After this, the danger disappears. This pickup, without the mood of realism marks the shift. She’s thrown off, too, by the obviousness of this kill and she stops picking up men. There was a tenderness to this last interaction and some kind of guilt attached, but while the early part of the movie felt mysterious, this later part, after the deformed man, felt a bit muddled. Without all the danger, there’s a lull. For the rest of the film, Scarlett plays at being human. At a highway diner, she sits alone in a booth and orders a slice of black forest cake. There’s a POV shot of the piece on a fork then a close-up of her mouth as she holds the pastry there without chewing. She’ll accept a friendly man’s offer for accommodations and try some domesticity. I had a couple ideas of what this all was supposed to represent. Maybe it was about a girl losing her youthful sexual powers (there’s an early sequence when Scarlett goes shopping for makeup and there are images of middle-aged women being attended to, having blush and eyeliner applied, having mirrors held up to their faces). Maybe it was about the discovery of the human and emotional element to sex. Or something. The mood was the best thing in the movie and the mood had been killed. Without all that, Under the Skin is just confused and a bit grotesque, like that boy on the way to Tesco’s.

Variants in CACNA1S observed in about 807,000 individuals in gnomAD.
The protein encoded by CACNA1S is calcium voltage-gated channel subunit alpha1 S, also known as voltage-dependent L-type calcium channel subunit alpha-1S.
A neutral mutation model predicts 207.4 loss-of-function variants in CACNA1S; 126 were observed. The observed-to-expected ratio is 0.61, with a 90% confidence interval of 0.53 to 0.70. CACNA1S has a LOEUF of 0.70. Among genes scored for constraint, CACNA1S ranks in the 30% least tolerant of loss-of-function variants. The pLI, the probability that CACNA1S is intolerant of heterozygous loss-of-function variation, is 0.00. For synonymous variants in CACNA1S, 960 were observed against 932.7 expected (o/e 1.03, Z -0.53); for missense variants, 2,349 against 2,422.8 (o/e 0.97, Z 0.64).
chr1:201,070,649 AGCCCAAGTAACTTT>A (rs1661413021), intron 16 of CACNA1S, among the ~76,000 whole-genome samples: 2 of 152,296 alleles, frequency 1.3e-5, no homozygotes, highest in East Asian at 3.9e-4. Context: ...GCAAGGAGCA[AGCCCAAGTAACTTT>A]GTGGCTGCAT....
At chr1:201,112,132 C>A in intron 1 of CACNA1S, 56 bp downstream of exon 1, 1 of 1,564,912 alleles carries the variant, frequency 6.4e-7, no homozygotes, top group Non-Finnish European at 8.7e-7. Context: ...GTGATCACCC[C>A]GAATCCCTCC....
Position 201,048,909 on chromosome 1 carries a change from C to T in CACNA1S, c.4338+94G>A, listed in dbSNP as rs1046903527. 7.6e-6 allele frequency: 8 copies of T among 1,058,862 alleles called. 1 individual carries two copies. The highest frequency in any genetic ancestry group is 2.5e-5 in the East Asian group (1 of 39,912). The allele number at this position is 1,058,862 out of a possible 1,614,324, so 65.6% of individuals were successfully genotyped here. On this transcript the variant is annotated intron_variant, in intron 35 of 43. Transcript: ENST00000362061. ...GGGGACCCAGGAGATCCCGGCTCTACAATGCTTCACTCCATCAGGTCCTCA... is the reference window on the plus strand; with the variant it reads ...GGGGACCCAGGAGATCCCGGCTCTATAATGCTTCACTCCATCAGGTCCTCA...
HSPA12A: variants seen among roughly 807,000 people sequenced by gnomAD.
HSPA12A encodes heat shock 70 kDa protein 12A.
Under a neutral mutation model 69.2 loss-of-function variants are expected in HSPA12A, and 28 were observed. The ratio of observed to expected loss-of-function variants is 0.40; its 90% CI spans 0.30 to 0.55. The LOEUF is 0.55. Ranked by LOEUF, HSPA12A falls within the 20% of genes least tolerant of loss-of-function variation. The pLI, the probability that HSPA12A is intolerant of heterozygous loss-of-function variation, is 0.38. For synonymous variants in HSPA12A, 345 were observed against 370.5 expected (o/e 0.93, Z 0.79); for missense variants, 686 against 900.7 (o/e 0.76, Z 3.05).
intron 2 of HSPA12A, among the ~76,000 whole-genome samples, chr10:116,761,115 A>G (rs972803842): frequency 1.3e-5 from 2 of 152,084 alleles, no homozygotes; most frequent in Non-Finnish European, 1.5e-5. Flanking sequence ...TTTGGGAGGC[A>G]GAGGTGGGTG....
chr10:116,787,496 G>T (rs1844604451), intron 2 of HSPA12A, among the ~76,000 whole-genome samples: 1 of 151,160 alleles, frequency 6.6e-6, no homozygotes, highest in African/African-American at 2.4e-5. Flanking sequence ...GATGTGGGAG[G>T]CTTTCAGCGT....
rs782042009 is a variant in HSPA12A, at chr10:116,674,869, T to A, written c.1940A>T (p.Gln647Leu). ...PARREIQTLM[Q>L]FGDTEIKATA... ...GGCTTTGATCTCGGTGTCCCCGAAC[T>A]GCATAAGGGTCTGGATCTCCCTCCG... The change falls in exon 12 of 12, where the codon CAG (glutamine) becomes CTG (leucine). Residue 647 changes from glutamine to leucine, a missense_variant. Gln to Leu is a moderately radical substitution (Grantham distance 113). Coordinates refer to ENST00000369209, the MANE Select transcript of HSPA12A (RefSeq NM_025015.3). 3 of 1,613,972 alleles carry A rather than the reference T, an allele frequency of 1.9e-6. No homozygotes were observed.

By Alex Jenkins
1) Where is the incident report from the shooting?